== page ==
Foundations for Transformation
Why Do Utilities Need Private Broadband Networks and Licensed Spectrum?
We often get asked why a utility needs a private broadband network, fully under its own control, to carry the data that feeds its control systems. Importantly—and thankfully—we almost never hear that question from people who run utility telecom systems. And that is because in a modernized “smart” grid, for day-to-day safety and efficiency as well as emergency operations and recovery, utility control systems depend upon the prompt and secure delivery of vast quantities of data generated out in the field. That data doesn’t get to the control system without broadband connectivity, and without that data, operators do not have the situational awareness they need to do their jobs. And without situational awareness, recovery from a service outage is hampered, causing costly delays. So utility broadband connectivity has to be rock-solid.
Utility networks must be utility-grade.
Yes, wireless broadband service is readily available to consumers. But consumer-grade is inadequate for utility mission-critical applications, which require greater security, reliability, and speed (lower latency). Commercial networks provide “best efforts” service; utility operators require faster feedback loops and situational awareness to manage an increasingly complex grid including distributed energy resources and growing electrification demand. Utilities need hardened, utility-grade communications networks so that operators can keep improving efficiency, maintain reliability, and quickly recover from unplanned events. Commercial networks are designed to meet a particular business model focused on serving the mass market; utility networks must be more reliable and more resilient so the utility has grid visibility even when the power is out and commercial communications are down.
Those attributes together dictate that the utility control the network. On commercial networks, traffic competes for shared bandwidth; electric utilities require dedicated bandwidth so that critical control data gets through every time, even when millions of consumers clog commercial networks. This is the very reason Congress provided spectrum and $7 billion to create the FirstNet network for police, fire, and emergency medical agencies: their communications also, are critical and cannot be made to contend with competing traffic for network bandwidth in commercial networks. The justification is similar for utilities—they must control the network to ensure that they have access to the full capacity of the network when they need it.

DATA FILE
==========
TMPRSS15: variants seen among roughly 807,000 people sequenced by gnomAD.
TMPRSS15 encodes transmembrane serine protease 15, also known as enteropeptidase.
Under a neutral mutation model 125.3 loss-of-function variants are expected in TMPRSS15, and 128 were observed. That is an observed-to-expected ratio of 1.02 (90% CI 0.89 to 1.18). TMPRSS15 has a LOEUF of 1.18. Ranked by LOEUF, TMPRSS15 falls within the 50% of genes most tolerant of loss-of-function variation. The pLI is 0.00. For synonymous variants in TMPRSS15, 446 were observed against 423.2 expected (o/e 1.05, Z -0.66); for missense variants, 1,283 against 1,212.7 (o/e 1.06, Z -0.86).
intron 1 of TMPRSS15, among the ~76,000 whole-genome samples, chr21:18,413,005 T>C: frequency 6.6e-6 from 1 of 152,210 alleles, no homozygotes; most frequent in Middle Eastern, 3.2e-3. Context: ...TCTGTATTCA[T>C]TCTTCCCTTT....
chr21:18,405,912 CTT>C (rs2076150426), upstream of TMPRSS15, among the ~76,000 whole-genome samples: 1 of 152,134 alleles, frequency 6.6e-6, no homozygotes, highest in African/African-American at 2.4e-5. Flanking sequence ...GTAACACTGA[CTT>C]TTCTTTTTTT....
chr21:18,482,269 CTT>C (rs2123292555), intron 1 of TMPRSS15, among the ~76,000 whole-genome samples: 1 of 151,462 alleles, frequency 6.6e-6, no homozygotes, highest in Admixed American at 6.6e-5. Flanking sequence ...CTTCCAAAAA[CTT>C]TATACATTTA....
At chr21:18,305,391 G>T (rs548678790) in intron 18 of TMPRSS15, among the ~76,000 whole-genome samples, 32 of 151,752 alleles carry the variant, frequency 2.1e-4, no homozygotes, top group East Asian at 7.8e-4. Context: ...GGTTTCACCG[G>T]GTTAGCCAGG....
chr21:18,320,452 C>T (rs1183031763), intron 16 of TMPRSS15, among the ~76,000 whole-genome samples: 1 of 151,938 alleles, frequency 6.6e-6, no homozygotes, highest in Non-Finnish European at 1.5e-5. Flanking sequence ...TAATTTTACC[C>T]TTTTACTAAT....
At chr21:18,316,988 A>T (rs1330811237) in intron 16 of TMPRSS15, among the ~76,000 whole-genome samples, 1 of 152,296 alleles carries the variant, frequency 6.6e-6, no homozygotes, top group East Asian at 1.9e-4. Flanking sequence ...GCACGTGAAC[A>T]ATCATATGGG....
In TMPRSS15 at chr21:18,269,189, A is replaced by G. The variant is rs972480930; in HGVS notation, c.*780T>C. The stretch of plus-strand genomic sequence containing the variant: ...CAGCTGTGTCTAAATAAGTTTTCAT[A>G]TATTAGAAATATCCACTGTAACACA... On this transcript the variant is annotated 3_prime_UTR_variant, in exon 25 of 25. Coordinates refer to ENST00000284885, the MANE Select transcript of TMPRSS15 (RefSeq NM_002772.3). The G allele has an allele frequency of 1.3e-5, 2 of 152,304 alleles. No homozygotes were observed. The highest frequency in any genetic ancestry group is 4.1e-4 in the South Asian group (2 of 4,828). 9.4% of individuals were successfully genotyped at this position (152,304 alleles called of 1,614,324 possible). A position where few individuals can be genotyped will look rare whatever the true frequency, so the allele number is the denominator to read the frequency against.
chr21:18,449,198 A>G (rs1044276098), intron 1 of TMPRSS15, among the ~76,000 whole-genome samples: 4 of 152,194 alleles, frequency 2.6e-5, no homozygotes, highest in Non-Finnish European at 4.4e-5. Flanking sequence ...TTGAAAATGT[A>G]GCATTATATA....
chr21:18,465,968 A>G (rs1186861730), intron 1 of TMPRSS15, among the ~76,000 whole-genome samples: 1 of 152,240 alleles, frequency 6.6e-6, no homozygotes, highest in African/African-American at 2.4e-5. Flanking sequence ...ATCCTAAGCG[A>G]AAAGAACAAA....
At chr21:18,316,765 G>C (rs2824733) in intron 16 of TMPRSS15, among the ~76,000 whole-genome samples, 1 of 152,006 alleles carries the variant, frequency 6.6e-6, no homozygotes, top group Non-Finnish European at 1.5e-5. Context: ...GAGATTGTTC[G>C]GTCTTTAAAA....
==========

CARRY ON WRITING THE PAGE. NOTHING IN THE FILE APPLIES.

Utility-grade networks require licensed spectrum.
Perhaps the most visible part of the infrastructure of a wireless broadband network is the cell tower with its familiar panel antennae. In addition to other infrastructure elements, including backhaul transport (both fiber and microwave), the physical equipment that comprises the core network, and end-user devices, wireless broadband networks also require spectrum: a critical input that is more scarce and less tangible than infrastructure but equally essential. Without access to spectrum (radio channels) for the use of the infrastructure and devices, there is no wireless broadband service. It would be like trying to deliver pizzas without access to the roads.
It also matters how the utility gets access to the spectrum. The Federal Communications Commission (FCC) regulates spectrum nationwide, allowing some bands to be used by anybody with an FCC-approved device (unlicensed spectrum) and requiring specific FCC permission to use other bands (licensed spectrum). Today, many utilities rely upon legacy narrowband networks that use unlicensed spectrum. Because spectrum bands have finite capacities for carrying data, and unlicensed spectrum is shared among all networks in the vicinity, a utility network using unlicensed spectrum will become capacity constrained when more capacity is taken up by competing networks outside its control. And with non-utility usage of unlicensed spectrum expected to increase fourfold over the next decade, unlicensed spectrum is going to get even more crowded and unreliable.
That’s why utilities need licensed spectrum. A license means that nobody else is allowed to use that band in that geographic area. It also provides a federal legal mechanism for addressing interference from other radio transmissions. A private network using shared, unlicensed spectrum isn’t a private network at all; control of the spectrum is a critical part of controlling the network itself. And for mission-critical utility control systems, nothing else will do.
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